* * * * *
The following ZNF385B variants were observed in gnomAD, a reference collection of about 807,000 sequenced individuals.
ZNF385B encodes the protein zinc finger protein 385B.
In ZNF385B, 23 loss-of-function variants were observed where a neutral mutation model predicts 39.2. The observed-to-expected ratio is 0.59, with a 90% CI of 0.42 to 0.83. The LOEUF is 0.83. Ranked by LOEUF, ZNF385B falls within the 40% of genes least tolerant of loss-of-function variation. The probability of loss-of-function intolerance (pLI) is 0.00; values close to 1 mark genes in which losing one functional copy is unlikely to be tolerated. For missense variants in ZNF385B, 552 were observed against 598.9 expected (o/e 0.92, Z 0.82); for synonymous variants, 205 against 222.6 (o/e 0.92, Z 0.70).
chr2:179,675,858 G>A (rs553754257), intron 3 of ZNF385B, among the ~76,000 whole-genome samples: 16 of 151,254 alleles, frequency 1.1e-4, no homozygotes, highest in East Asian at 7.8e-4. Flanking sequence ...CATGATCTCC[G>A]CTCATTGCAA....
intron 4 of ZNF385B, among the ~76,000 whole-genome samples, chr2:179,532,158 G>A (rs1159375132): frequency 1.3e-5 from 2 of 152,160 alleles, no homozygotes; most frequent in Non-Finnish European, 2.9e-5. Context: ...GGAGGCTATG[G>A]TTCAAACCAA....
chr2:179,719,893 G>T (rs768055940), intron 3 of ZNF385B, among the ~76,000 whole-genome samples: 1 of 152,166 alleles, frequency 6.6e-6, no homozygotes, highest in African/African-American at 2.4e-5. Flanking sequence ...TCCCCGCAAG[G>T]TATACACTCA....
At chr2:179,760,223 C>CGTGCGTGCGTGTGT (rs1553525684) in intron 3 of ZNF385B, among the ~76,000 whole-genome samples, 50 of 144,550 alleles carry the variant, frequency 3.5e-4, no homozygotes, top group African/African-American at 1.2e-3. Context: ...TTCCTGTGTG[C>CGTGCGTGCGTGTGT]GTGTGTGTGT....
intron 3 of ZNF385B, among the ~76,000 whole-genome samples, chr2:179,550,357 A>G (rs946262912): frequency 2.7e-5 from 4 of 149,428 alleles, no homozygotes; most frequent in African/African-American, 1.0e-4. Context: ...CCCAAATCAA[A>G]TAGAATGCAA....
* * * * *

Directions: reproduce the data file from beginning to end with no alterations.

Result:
The following ZNF385B variants were observed in gnomAD, a reference collection of about 807,000 sequenced individuals.
ZNF385B encodes the protein zinc finger protein 385B.
In ZNF385B, 23 loss-of-function variants were observed where a neutral mutation model predicts 39.2. The observed-to-expected ratio is 0.59, with a 90% CI of 0.42 to 0.83. The LOEUF is 0.83. Ranked by LOEUF, ZNF385B falls within the 40% of genes least tolerant of loss-of-function variation. The probability of loss-of-function intolerance (pLI) is 0.00; values close to 1 mark genes in which losing one functional copy is unlikely to be tolerated. For missense variants in ZNF385B, 552 were observed against 598.9 expected (o/e 0.92, Z 0.82); for synonymous variants, 205 against 222.6 (o/e 0.92, Z 0.70).
chr2:179,675,858 G>A (rs553754257), intron 3 of ZNF385B, among the ~76,000 whole-genome samples: 16 of 151,254 alleles, frequency 1.1e-4, no homozygotes, highest in East Asian at 7.8e-4. Flanking sequence ...CATGATCTCC[G>A]CTCATTGCAA....
intron 4 of ZNF385B, among the ~76,000 whole-genome samples, chr2:179,532,158 G>A (rs1159375132): frequency 1.3e-5 from 2 of 152,160 alleles, no homozygotes; most frequent in Non-Finnish European, 2.9e-5. Context: ...GGAGGCTATG[G>A]TTCAAACCAA....
chr2:179,719,893 G>T (rs768055940), intron 3 of ZNF385B, among the ~76,000 whole-genome samples: 1 of 152,166 alleles, frequency 6.6e-6, no homozygotes, highest in African/African-American at 2.4e-5. Flanking sequence ...TCCCCGCAAG[G>T]TATACACTCA....
At chr2:179,760,223 C>CGTGCGTGCGTGTGT (rs1553525684) in intron 3 of ZNF385B, among the ~76,000 whole-genome samples, 50 of 144,550 alleles carry the variant, frequency 3.5e-4, no homozygotes, top group African/African-American at 1.2e-3. Context: ...TTCCTGTGTG[C>CGTGCGTGCGTGTGT]GTGTGTGTGT....
intron 3 of ZNF385B, among the ~76,000 whole-genome samples, chr2:179,550,357 A>G (rs946262912): frequency 2.7e-5 from 4 of 149,428 alleles, no homozygotes; most frequent in African/African-American, 1.0e-4. Context: ...CCCAAATCAA[A>G]TAGAATGCAA....